They assume that different groups made different decisions. They simply can’t imagine that all over Africa all the groups made the same choices about hierarchy, ritual, gender relations, child-rearing practices, diet, dress, and so on. Then when they came together, permanently or not, they shared their decisions snd newly acquired knowledge and technology; and, they assume, adopted new ideas.
There is agreement on one point. Until about 300 ka ago, humans used hand tools such as hand axes. Then suddenly all across Africa there was a shift to microliths. These are flakes chipped off stones and shaped for tools and weapons. The flakes are attached to wood and bone by glue and threads, instead of being held in the hand. That’s about all we know with reasonable certainty, until about 80 to 100 ka ago
Starting perhaps 100 ka ago we begin to see hints of the culture of our ancestors. We have worked beads and shells, and decorated clothes, some found in burial sites, others in caves. We do not find cemeteries or common grave sites, but there are some “rich burials”, with purposeful arrangements of corpses and grave goods. We also find remnants of comparatively large structures.
However, the authors say that there is little evidence of the kinds of things one would expect in hierarchal societies. There are no permanent monumental structures. The rich burials seem to be young people, or physically deformed people. There is at least one apparently young woman buried with pelvic and stomach plates. These aren’t the robust individuals we’d expect to see in a hierarchal society.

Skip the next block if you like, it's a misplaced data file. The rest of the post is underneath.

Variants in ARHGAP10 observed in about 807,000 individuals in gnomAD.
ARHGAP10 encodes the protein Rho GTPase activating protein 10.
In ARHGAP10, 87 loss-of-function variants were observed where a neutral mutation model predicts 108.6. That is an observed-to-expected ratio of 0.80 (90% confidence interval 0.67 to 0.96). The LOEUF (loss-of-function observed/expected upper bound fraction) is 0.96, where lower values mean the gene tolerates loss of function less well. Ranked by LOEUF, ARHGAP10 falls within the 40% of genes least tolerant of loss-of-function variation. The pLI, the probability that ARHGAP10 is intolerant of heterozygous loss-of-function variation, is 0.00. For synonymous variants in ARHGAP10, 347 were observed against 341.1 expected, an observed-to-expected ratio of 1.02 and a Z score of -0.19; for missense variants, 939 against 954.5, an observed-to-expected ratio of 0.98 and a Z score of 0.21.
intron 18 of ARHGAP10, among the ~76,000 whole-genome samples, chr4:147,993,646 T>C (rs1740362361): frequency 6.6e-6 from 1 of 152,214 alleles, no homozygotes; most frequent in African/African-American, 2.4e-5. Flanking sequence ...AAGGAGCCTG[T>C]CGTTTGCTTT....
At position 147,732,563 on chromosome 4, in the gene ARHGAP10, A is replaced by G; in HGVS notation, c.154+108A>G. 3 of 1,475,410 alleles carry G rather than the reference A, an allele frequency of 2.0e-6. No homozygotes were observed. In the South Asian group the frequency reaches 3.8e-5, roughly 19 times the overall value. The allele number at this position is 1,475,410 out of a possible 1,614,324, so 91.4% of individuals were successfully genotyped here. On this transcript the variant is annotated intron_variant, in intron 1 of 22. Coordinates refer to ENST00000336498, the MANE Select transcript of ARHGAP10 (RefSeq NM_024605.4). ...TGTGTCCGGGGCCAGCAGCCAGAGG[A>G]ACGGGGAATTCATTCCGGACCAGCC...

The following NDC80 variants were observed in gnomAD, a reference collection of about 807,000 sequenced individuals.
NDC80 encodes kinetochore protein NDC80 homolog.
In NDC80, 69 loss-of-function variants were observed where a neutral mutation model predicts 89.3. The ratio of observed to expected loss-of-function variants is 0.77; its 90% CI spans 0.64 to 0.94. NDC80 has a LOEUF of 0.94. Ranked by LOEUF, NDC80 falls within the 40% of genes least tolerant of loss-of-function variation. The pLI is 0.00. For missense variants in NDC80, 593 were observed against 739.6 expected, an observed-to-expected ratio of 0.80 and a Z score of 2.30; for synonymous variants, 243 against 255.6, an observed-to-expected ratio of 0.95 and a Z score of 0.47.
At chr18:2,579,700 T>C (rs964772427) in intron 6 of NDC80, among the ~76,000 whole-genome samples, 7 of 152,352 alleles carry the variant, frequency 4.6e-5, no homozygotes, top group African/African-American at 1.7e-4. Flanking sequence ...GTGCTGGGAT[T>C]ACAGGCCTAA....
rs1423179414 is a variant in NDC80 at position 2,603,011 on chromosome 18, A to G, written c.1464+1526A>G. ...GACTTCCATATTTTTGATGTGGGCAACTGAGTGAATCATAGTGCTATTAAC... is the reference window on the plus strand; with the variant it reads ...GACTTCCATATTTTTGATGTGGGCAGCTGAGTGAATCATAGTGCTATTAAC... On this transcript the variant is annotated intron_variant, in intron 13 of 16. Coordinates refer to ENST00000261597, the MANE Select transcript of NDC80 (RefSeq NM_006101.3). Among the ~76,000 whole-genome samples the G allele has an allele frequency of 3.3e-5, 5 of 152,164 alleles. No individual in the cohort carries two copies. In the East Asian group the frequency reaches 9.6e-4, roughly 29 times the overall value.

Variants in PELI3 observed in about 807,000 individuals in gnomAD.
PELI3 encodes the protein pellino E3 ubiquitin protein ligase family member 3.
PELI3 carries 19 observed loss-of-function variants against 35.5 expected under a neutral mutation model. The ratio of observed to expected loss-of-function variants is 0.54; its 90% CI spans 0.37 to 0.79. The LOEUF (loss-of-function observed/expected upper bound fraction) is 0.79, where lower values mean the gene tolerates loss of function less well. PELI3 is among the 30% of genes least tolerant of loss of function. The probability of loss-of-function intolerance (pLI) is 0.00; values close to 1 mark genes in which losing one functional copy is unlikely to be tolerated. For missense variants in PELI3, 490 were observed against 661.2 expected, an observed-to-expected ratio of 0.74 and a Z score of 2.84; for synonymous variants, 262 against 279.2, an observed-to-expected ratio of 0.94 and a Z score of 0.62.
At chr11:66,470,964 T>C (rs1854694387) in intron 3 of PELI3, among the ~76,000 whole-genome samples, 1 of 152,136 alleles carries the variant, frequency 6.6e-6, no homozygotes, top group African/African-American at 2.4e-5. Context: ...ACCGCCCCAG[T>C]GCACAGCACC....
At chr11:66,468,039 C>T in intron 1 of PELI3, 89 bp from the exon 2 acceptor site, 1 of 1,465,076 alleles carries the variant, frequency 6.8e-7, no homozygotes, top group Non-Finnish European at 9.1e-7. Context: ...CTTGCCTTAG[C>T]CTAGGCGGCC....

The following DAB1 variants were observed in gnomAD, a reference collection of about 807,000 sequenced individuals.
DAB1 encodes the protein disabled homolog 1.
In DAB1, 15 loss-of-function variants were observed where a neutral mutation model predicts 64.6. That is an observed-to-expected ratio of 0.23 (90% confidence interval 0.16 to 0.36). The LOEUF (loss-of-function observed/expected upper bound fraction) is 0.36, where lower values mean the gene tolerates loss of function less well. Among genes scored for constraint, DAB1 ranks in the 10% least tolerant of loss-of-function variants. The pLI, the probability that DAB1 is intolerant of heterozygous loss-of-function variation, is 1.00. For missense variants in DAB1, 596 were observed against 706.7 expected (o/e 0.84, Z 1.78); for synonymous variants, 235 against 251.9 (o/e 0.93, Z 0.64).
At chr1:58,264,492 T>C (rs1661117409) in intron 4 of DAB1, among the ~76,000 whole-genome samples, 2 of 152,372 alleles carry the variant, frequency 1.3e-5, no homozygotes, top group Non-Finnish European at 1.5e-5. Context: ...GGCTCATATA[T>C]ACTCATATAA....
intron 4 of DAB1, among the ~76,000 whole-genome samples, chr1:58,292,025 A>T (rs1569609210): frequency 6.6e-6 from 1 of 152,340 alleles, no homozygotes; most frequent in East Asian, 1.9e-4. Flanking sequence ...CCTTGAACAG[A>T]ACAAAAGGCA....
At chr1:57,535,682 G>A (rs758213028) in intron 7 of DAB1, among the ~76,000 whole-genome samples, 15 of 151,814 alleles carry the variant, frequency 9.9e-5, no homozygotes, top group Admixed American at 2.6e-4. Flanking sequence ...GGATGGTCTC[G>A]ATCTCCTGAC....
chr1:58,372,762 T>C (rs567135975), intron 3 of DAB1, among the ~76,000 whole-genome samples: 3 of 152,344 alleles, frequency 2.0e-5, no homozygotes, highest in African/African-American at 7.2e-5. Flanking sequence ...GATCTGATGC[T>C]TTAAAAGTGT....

The authors don’t describe any rituals, which might be evidence of a sort of priestly hierarchy. They don’t believe we have enough evidence to support any particular view of social structures. Instead, they suggest there was a wide range of social practices.
3. Seasonal Changes And Gatherings.
The authors think that our ancestors lived in small bands part of the year and gathered together once a year or so. The say indigenous American groups lived this way, in small bands of hunter-foragers part of the year, and in large groups for hunting migrating animals, or to winter over safely. They describe African cultures that lived this way. Ethnographic studies show that the hierarchical structures of these more recent groups was different in the two settings. The authors think this was likely the case with our prehistoric ancestors.
There is evidence of regular gatherings of large numbers of people from at least 40 ka ago. For example, there is evidence that people gathered in the Perigord Region of Southern France near the confluence of the Vezere and the Dordogne Rivers, where it appears that there were large migrations of reindeer. This would be perhaps 25 to 35 ka ago during the last ice age. Fn. 38, p. 542. There are similar sites in Eurasia and Turkey.